Families who are currently searching for a diagnosis of a genetic disease should speak to their genetic specialist about whether Genome.One’s new test is appropriate for them.
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For more information about the clinical service, for providers or patients, please visit http://www.genome.one.
To enquire about the clinical service, email firstname.lastname@example.org or P +61 2 9359 8002
For media enquiries, please contact:
Thomas Skinner Simone McKay
02 9256 9700/ 0451 147 528 02 9256 9700/0430 551 906
About the Garvan Institute of Medical Research
The Garvan Institute of Medical Research is one of Australia's largest medical research institutions and is at the forefront of next-generation genomic sequencing in Australia. Garvan’s main research areas are: cancer, diabetes and metabolism, immunology and inflammation, osteoporosis and bone biology, and neuroscience. Garvan’s mission is to make significant contributions to medical science that will change the directions of science and medicine and have major impacts on human health. In 2012, Garvan established Australia’s first purpose‐built facility for undertaking clinical-grade genome sequencing and large-scale research projects. The Kinghorn Centre for Clinical Genomics (KCCG) researchers undertake collaborative projects and genome‐based studies to improve genome interpretation, with the aim of advancing the use of genomic information in patient care.
Genome.One (www.genome.one) is a pioneering health information company providing genetic answers to life’s biggest health questions through clinical Whole Genome Sequencing. Genome.One aims to enhance the lives of patients, families and communities across the world. Genome.One is a wholly owned subsidiary of the Garvan Institute of Medical Research, Sydney, Australia.
NOTE TO EDITORS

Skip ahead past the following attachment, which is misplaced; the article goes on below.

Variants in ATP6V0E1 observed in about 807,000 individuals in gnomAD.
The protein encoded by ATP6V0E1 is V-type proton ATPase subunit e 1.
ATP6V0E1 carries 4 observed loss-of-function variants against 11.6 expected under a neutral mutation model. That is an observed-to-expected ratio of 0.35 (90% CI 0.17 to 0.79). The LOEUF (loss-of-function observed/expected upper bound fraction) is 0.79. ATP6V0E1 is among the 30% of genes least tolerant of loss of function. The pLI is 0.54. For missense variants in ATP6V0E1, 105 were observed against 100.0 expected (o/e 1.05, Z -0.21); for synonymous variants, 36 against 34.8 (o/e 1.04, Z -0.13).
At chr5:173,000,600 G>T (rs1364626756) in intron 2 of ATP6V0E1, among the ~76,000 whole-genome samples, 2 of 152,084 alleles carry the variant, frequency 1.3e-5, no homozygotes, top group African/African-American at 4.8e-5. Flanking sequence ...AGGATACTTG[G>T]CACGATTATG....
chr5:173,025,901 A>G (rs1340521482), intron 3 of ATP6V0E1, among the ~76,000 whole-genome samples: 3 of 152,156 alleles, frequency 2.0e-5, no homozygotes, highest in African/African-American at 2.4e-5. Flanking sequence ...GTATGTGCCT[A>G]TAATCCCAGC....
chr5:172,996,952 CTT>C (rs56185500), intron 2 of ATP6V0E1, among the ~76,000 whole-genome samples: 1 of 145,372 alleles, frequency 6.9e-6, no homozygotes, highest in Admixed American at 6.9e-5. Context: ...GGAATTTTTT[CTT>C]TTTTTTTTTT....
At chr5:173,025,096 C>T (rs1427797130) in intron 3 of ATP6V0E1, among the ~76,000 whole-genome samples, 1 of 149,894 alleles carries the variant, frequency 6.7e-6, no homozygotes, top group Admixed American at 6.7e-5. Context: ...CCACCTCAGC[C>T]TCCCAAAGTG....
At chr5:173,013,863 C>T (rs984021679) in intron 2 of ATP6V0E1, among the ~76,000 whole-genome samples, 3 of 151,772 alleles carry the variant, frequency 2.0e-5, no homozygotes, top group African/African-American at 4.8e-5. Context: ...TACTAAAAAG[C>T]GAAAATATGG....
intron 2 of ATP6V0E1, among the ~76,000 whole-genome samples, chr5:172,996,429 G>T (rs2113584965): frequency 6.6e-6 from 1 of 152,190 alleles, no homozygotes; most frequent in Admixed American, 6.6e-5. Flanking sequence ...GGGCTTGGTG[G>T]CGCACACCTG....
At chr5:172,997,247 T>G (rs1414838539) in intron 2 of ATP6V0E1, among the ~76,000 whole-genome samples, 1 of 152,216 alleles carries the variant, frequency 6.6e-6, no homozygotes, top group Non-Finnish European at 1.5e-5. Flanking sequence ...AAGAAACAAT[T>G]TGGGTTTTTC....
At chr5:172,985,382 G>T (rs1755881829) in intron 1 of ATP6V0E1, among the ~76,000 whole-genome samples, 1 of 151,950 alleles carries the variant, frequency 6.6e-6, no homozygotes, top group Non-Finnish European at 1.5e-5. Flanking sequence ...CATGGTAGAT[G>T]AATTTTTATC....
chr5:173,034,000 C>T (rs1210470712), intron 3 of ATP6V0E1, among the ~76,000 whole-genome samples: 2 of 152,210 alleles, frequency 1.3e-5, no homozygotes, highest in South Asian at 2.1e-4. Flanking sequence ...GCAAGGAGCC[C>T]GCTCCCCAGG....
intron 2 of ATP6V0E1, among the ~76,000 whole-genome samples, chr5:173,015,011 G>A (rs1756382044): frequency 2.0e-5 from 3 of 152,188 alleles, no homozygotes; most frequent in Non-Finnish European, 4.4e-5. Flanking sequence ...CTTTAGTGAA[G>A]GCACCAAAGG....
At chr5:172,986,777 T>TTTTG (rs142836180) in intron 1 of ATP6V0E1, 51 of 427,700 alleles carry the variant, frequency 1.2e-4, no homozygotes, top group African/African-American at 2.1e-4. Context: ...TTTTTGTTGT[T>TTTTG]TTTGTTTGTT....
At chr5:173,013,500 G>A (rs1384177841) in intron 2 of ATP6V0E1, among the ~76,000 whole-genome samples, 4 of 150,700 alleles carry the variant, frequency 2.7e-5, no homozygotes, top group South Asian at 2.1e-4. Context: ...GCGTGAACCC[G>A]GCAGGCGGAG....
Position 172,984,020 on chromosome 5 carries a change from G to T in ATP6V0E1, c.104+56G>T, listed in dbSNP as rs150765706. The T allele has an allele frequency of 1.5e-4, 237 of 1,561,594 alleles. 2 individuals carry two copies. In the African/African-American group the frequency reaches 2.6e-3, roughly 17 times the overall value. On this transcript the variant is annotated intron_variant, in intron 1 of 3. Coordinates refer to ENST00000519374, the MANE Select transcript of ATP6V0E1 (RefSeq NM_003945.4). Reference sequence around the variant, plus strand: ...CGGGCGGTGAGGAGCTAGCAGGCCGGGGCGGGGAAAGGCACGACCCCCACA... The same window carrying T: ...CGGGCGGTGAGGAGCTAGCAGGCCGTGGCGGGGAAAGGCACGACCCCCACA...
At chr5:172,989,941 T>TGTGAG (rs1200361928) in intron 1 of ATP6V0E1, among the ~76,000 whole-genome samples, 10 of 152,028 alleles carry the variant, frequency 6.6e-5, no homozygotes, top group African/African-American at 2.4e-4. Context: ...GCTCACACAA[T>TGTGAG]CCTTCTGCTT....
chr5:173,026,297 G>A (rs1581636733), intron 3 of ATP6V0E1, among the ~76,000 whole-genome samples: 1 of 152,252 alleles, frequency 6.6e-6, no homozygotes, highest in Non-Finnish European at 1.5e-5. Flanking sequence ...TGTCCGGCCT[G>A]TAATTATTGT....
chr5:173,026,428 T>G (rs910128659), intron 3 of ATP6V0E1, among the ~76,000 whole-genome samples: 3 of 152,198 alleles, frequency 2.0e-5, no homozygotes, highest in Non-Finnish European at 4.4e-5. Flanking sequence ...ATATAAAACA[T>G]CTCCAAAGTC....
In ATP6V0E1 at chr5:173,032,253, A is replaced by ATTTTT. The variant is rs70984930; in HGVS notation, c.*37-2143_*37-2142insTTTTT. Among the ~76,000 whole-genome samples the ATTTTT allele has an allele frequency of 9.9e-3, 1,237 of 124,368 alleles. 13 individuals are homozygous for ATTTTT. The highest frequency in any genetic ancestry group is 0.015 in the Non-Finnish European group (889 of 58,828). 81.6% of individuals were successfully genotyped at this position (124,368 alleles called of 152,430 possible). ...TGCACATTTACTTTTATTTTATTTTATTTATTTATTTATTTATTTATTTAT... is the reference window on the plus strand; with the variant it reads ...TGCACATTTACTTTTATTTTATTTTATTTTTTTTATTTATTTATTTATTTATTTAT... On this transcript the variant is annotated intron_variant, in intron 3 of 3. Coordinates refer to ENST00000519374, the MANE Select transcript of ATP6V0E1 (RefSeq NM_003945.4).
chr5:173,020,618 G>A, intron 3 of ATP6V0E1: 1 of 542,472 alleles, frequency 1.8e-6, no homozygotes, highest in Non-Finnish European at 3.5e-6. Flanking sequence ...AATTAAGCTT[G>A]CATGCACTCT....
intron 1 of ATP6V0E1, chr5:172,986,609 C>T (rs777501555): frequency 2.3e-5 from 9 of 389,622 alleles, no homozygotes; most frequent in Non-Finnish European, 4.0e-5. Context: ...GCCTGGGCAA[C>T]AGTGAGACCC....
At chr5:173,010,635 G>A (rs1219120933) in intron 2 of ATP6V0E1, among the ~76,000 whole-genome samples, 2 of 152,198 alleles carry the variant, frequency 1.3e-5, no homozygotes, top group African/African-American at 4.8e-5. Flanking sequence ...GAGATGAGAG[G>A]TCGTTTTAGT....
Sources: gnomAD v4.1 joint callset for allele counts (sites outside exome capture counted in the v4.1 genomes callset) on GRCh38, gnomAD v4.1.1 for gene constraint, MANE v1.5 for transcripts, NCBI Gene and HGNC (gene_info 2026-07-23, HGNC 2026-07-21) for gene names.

What is a genome?
A genome is the complete set of genetic information we inherit from our parents, encoded within 2 meters of DNA packed tightly into each of our cells as chromosomes.
What is genomics?
Genomics is the study of the structure and function of the genome of an organism.
What is genomic medicine?
Genomic medicine is patient diagnosis and treatment based on information about a person’s entire DNA sequence.
What is DNA sequencing?
DNA sequencing is a laboratory technique used to determine the sequence of units or bases in a DNA molecule. Sequencing methods have changed over time; the machines used by Genome.One use complex chemistry and high-resolution optics to determine the sequence.
The DNA sequence is a series of letters – As, Cs, Gs, and Ts – that represent the order of base pairs in a person’s DNA. The sequence of a single human genome has approximately 6,000 million letters to read and interpret. In a sequencing laboratory, machines break the DNA up into manageable segments and read the order of the DNA bases or letters. Computers are then used to compare the DNA sequence with other sequences to locate the differences or variants.
What is a rare, genetic condition?
A rare condition is a specific, clinically serious condition affecting fewer than 1 in 2,000 people i.e. less than 0.05 per cent of the population. Some 80 per cent of rare diseases are genetic in origin, with the age of onset of symptoms ranging from early childhood to adulthood. More than 50 per cent of rare diseases appear during adulthood. Rare diseases typically exhibit a high level of symptom complexity and as a result they very frequently require special combined treatments.
Worldwide, 6,000 to 8,000 rare diseases have so far been identified, with new conditions diagnosed and described in the medical literature on a weekly basis. On this basis, current conservative estimates indicate that approximately 6-8 per cent of Australians are affected by a rare disease.
[i] Rare voices. (2016). Rare Voices Australia. Retrieved 19 July, 2016, from https://www.rarevoices.org.au/page/15/what-is-a-rare-disease